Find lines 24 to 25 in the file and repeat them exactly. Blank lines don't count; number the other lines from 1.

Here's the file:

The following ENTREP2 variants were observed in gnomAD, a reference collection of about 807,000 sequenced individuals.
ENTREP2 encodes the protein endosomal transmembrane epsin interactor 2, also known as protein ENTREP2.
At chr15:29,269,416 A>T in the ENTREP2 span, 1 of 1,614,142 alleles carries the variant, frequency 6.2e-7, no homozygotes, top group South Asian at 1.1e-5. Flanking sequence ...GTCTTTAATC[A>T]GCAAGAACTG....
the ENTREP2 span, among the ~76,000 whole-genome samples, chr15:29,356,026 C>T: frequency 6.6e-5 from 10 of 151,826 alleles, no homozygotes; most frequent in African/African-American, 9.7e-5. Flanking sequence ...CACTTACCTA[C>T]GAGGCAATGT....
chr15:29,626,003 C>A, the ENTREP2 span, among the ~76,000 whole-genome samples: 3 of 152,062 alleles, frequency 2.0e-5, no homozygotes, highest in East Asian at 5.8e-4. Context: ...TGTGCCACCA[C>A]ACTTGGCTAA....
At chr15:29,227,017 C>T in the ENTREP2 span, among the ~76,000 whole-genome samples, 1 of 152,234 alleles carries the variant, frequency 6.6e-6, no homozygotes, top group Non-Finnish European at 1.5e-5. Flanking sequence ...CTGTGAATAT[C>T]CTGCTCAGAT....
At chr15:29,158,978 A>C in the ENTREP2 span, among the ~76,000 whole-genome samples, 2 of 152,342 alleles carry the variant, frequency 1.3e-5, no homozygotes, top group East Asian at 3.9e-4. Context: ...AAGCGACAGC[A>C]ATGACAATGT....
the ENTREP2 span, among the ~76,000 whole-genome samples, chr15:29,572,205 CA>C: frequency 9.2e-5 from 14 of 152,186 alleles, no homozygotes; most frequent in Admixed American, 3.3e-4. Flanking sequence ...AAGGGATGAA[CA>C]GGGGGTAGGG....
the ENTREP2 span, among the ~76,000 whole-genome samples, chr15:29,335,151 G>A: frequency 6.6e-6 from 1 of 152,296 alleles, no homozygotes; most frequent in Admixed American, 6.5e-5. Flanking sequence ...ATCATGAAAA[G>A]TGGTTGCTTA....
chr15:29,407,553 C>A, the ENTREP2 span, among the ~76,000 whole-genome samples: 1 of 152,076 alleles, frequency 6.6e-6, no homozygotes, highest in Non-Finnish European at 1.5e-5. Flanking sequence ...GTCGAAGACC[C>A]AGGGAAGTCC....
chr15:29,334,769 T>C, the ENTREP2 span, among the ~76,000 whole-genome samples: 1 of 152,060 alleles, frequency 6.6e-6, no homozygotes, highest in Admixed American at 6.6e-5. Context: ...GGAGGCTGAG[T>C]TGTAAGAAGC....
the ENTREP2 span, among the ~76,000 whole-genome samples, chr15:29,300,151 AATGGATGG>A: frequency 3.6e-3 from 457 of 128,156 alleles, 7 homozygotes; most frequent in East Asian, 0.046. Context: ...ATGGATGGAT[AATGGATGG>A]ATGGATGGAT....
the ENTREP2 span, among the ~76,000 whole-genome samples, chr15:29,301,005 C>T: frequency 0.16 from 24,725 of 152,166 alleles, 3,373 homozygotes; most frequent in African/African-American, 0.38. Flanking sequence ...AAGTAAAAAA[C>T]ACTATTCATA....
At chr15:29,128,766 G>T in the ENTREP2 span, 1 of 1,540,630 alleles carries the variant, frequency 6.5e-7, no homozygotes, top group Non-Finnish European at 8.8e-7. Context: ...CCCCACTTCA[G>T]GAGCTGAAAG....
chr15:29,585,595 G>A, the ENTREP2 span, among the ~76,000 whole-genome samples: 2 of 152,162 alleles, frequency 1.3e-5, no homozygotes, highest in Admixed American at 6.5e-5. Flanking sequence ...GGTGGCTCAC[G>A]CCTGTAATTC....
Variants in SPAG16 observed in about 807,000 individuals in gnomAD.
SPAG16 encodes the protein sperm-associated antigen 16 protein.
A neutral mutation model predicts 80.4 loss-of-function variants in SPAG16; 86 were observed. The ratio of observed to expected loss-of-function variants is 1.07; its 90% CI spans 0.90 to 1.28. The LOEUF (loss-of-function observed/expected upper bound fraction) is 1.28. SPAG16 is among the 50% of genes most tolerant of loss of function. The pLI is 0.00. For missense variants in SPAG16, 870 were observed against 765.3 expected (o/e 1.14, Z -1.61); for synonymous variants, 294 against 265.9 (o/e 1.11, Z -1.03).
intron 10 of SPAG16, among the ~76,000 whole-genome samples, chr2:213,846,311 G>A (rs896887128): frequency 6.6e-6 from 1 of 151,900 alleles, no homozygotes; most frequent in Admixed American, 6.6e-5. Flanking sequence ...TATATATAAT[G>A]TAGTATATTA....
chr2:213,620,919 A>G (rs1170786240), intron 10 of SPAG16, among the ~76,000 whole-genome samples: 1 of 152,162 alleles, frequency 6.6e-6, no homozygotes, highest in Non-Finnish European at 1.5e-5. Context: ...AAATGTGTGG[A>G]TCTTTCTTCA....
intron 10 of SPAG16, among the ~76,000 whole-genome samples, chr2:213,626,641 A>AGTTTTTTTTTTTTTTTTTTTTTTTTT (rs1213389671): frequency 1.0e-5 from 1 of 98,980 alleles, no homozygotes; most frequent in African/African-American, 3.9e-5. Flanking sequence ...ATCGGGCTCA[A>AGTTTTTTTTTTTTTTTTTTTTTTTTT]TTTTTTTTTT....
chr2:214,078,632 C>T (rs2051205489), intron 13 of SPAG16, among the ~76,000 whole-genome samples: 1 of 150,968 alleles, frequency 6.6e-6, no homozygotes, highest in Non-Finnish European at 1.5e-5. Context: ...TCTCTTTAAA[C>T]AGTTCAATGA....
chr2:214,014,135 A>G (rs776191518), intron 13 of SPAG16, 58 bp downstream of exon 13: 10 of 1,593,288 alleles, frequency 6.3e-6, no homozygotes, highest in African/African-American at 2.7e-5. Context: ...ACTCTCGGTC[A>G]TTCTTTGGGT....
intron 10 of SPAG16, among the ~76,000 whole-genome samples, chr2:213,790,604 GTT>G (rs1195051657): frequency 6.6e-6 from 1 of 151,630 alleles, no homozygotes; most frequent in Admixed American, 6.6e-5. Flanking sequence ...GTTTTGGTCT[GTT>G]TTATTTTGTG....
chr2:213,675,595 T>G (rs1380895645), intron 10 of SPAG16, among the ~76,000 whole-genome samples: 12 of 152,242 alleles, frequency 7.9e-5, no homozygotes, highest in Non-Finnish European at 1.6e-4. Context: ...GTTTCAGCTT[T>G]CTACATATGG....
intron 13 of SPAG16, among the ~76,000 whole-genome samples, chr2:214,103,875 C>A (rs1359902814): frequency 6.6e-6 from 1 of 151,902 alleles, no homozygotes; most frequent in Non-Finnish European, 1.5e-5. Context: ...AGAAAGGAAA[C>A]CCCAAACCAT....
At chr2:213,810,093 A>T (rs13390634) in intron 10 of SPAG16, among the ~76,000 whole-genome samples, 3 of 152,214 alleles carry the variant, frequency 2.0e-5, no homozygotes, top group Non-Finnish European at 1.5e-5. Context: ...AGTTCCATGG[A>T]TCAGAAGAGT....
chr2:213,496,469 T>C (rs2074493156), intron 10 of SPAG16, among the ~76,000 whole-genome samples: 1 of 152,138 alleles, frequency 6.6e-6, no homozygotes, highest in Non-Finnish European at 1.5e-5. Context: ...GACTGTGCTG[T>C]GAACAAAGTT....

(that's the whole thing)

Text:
intron 10 of SPAG16, among the ~76,000 whole-genome samples, chr2:213,790,604 GTT>G (rs1195051657): frequency 6.6e-6 from 1 of 151,630 alleles, no homozygotes; most frequent in Admixed American, 6.6e-5. Flanking sequence ...GTTTTGGTCT[GTT>G]TTATTTTGTG....
chr2:213,675,595 T>G (rs1380895645), intron 10 of SPAG16, among the ~76,000 whole-genome samples: 12 of 152,242 alleles, frequency 7.9e-5, no homozygotes, highest in Non-Finnish European at 1.6e-4. Context: ...GTTTCAGCTT[T>G]CTACATATGG....